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Old 05-24-2011, 04:28 PM
 
27 posts, read 104,334 times
Reputation: 39

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I don't want them contacted even after an offer has been extended or after I start working... my employer is going to be PISSED I am leaving and just don't want any contact whatsoever as they could really screw things up.....hopefully you guys are right...sounds like you are
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Old 06-01-2011, 02:47 PM
 
70 posts, read 166,886 times
Reputation: 38
I believe its typical for current employment to go unverified....
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Old 06-01-2011, 03:01 PM
 
Location: Chicago area
4,237 posts, read 4,801,227 times
Reputation: 6418
Can you give them a current coworker as a reference?
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Old 06-01-2011, 03:24 PM
 
27 posts, read 104,334 times
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I could give them a colleague who left the company who I used to work with...but no one at the company as we are quite small
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Old 06-01-2011, 08:29 PM
 
Location: Ayrsley
4,614 posts, read 5,087,480 times
Reputation: 3589
Quote:
Originally Posted by kettleblack View Post
I did say "not to contact" but I am worried they come back to me and say they have to in order to hire me
Given what you stated in your initial post, I would not be that concerned. if you meet the criteria for the job, and have solid references, it likely will not be an issue. When I have switched companies in the past, I have always said "do not contact" my current employer and it was never an issue.

I think most companies understand that doing so could get you into hot water at your current job and are pretty cool with that. If they're not interested in seriously considering you for the job, its a moot point. If they are interested, then they don't want to put you in an awkward position. At least that's been my experience.

With that, if you have a manager or someone else who worked with you at your current company and is no longer there, I find that that can be a plus, because it gives them a reference from your previous company without them contacting the company directly.
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Old 06-01-2011, 09:24 PM
 
70 posts, read 166,886 times
Reputation: 38
good point tober...
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Old 06-02-2011, 08:21 AM
 
Location: some cow pasture
359 posts, read 708,624 times
Reputation: 249
It's never a good idea to let your current employer know that your looking elsewhere for work.
They may find a reason to fire you before you are even offered a new job.
Then you have no job past or present.
Keep your intentions quiet until you are ready to leave.
Then give your two week notice once you are hired for a new position.
That isn't to say a perspective employer won't contact them anyway.
I once applied for a new position with no consent given to contact my employer at the time.
A few days later my supervisor came up to me and asked me why I wanted to work at so-n-so's.
I was totally floored by this lack of respect from my perspective new employer.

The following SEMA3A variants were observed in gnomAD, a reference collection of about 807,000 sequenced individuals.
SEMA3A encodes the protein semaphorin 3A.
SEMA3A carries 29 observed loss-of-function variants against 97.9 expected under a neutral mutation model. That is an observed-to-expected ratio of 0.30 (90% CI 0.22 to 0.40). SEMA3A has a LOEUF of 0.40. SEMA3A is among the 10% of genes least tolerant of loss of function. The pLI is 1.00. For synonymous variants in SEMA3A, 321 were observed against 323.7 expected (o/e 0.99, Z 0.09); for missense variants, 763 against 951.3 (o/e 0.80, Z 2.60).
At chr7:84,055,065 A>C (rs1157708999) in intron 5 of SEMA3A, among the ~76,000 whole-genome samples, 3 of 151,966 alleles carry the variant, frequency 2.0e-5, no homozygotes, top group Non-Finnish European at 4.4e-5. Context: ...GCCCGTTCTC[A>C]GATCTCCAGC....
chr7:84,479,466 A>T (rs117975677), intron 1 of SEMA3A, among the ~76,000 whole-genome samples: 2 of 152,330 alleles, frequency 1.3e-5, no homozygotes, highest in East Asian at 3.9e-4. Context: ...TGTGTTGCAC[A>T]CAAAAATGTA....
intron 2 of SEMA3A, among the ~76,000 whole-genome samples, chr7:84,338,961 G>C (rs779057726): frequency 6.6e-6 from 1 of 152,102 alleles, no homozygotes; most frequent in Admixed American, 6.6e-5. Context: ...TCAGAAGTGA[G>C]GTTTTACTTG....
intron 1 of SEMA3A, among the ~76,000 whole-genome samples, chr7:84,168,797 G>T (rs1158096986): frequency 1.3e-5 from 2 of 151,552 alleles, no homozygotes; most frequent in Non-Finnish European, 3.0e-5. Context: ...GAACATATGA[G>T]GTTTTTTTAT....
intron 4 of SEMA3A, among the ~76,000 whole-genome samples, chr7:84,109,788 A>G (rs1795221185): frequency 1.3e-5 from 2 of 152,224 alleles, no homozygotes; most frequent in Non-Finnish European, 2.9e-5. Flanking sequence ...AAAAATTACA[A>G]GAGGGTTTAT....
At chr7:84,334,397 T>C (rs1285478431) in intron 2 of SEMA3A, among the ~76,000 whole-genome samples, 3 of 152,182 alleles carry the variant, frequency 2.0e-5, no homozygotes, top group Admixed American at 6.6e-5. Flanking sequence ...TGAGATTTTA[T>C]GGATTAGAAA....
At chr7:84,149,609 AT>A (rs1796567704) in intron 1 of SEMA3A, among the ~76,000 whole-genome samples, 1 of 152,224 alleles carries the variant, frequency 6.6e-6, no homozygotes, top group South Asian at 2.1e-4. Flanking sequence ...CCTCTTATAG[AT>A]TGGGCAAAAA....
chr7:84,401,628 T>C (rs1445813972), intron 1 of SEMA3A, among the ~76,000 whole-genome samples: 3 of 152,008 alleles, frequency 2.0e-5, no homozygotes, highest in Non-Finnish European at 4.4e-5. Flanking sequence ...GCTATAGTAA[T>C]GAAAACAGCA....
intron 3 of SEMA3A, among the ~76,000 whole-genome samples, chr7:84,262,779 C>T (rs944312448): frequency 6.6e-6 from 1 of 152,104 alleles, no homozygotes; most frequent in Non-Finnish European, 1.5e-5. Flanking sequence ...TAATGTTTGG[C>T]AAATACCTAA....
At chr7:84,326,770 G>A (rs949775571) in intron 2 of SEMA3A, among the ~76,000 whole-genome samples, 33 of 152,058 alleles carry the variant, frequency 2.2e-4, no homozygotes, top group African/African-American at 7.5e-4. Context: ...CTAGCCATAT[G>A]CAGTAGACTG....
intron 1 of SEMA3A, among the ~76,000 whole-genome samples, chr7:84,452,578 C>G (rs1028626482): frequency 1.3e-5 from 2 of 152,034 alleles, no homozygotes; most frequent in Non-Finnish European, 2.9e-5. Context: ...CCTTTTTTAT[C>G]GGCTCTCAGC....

I was forced to explain my reasons that this other employer payed substantially better, etc., etc.
Fortunately he respected my decision and I made en easy transition.
For that reason alone you may want to consider leaving your current
employer off your application altogether.

Last edited by GM1258; 06-02-2011 at 08:32 AM..
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Old 06-02-2011, 11:04 AM
 
Location: Earth
3,534 posts, read 1,903,448 times
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It goes without saying to keep your current employer out of the loop. Suppose you're not successful in getting the new job, how uncomfortable will it be around your office with the knowledge that you're looking elsewhere? Even if your employer doesn't follow you, they may 'get back at you' by overlooking you come promotion-time, or whatever. Yes many employers are that petty.... in today's job market, the employee is expected to show loyalty to the company, but apparently the door doesn't swing both ways.
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Old 06-02-2011, 01:58 PM
 
1,090 posts, read 1,701,095 times
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This brings in another point. I also don't want my current employer contacted. I would want a job offer, beforehand and to actually be working at my new job...but then at that point it would almost be unnecessary to contact my old job.

I've heard of people making offers to a candidate and later retracting them because their background check did not go through. Generally I have heard it's because a) they didn't pass their drug test, b) they were outright lying about having a degree and didn't or c) they (once in a while) have a pretty bad felony on their record.

I just feel like it would be awkward to contact my current employer at all..and then if I am offered a position..wouldn't that employer conduct a background check before I start working? I'm ok with that..just not contacting my employer, so how does one get around that and then start a job?

Sorry..afternoon "lazies" and I'm feeling sleepy...dunno if I make sense.
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